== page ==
Are you a pop person? Well you probably shouldn’t be anymore — not when the 84 people of Jean Marie River in the Northwest Territories realized a single pop machine was costing around $9,000 to keep running.
Six buildings around Jean Marie River were audited for their energy use and, surprise surprise, a pop machine was the biggest money-waster. It cost just over $1 to keep the machine running. $1 a day? Heck no. According to CBC News, this machine cost over $1 every hour to keep that pop cold. That’s around $747 a month and about $9,000 a year.
But wait, there’s more: they had two of these hellish, money-sucking machines constantly running. And as much as we love pop, we don’t love it enough to spend that much money on it. But what makes pop machines so expensive to maintain in Jean Marie River compared to, well, anywhere else?
You have to realize that it’s not just about the pop machines. Everything that uses energy in Jean Marie River’s insanely expensive because the power that the community uses is diesel power (all you have to know about diesel power is that it costs a fortune to use). When small communities in the North West Territories use this type of power, which is all that’s really available to them, anything and everything that uses electricity causes those bills to shoot through the roof. One of the six government buildings audited cost a whopping $2.58 per hour to keep power running.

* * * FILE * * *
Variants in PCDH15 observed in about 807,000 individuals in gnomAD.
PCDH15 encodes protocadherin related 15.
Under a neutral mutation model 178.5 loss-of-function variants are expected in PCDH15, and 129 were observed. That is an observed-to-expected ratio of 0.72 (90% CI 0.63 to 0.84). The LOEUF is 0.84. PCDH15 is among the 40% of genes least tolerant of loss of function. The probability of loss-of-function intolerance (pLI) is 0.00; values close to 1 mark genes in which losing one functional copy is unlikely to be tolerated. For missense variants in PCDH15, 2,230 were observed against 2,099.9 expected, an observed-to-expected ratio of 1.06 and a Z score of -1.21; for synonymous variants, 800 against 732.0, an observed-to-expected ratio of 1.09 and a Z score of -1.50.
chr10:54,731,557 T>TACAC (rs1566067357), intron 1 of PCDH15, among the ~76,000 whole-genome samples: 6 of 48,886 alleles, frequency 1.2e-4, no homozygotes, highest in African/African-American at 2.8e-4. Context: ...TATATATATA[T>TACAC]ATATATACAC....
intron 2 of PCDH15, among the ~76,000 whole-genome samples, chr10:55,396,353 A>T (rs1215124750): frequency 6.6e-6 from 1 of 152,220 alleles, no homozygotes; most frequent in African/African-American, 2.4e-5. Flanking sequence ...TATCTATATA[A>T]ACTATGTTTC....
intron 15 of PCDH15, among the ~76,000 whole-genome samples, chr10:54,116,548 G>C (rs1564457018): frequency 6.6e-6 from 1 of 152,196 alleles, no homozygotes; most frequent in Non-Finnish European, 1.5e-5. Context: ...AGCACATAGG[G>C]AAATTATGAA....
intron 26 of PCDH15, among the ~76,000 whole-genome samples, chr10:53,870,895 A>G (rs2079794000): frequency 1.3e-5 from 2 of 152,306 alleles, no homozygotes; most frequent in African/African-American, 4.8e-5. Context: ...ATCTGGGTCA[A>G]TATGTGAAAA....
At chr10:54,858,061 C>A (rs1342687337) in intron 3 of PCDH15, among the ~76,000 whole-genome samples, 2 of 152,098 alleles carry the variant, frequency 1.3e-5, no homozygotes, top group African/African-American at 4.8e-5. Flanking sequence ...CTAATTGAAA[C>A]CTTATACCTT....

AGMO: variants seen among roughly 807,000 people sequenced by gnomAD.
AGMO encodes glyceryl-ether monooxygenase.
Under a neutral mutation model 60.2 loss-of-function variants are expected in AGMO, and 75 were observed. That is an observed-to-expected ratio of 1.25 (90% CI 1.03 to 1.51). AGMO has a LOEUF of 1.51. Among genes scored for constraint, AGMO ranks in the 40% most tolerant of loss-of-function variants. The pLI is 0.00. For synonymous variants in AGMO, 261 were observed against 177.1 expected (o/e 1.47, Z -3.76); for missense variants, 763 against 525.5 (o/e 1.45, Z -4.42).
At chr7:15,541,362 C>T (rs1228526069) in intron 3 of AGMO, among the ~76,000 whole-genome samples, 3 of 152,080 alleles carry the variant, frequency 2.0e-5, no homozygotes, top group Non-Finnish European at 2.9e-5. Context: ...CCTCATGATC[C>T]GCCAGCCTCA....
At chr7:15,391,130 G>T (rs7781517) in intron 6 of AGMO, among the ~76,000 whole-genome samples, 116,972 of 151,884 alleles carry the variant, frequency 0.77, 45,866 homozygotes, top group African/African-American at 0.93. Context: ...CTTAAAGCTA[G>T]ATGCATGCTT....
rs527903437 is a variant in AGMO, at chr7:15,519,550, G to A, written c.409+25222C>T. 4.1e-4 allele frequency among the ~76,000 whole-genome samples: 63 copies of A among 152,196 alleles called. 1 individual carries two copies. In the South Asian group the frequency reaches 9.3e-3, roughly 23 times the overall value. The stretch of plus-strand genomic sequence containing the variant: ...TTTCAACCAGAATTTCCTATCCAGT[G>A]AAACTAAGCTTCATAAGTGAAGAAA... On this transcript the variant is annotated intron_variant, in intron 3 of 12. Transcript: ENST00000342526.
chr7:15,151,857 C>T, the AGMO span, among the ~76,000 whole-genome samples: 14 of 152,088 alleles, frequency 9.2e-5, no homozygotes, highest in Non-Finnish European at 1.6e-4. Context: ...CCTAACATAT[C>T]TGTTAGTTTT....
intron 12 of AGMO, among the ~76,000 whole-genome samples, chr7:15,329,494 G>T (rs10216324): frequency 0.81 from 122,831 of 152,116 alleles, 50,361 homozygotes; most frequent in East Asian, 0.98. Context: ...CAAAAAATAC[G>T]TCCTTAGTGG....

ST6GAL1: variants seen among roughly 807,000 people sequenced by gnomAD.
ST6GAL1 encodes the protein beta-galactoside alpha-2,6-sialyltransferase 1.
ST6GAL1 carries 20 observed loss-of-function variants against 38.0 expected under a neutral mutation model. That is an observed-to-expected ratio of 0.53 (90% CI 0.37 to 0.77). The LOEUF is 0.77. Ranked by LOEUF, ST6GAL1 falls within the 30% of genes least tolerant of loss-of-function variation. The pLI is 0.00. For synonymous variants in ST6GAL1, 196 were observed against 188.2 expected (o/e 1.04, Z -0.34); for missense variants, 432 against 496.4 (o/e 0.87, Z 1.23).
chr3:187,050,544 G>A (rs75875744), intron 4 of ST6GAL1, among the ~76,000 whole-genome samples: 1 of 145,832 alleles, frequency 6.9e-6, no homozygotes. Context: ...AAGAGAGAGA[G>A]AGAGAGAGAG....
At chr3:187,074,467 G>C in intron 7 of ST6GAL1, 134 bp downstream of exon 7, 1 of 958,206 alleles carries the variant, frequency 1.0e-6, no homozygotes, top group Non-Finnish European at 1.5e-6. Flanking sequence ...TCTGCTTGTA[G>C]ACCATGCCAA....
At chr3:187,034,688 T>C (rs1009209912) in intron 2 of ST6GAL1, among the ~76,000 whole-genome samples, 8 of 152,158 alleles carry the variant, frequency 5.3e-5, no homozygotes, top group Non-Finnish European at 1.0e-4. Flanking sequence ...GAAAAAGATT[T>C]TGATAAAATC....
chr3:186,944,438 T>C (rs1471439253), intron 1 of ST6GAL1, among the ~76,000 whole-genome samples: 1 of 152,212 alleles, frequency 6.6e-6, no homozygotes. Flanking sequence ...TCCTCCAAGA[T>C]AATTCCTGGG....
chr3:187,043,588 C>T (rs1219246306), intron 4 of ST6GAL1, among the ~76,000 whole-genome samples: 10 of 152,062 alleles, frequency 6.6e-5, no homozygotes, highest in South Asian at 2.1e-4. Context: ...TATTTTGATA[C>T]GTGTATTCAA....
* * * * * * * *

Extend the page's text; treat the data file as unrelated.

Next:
“Toasters, block heaters that are being plugged in all through the night instead of having a block heater timer on your vehicle — very big. Coffee makers, water coolers that have a heater function” are just a few of the high-cost culprits said Teresa Chilkowich, an energy coordinator from the Arctic Energy Alliance.
Chilkowich goes on to explain how fridges made in 1984 cost a hefty $291 per year (you can close your mouth now). She recommends cutting that cost down by investing in a 2004 model fridge, which cost about $84 for electricity a year.
The highest energy cost in Jean Marie River is about $18,000 a month, which comes from keeping its water treatment plant powered. Following the energy audit, Chilkowich believes that equipment like electric heaters and incandescent light bulbs are responsible for the high cost.
The people of Jean Marie River are making a huge effort to cut down on energy costs: from using energy meters that measure costs to winterizing their homes. Soon, the pop machines won’t be the only money-wasters booted out of the town.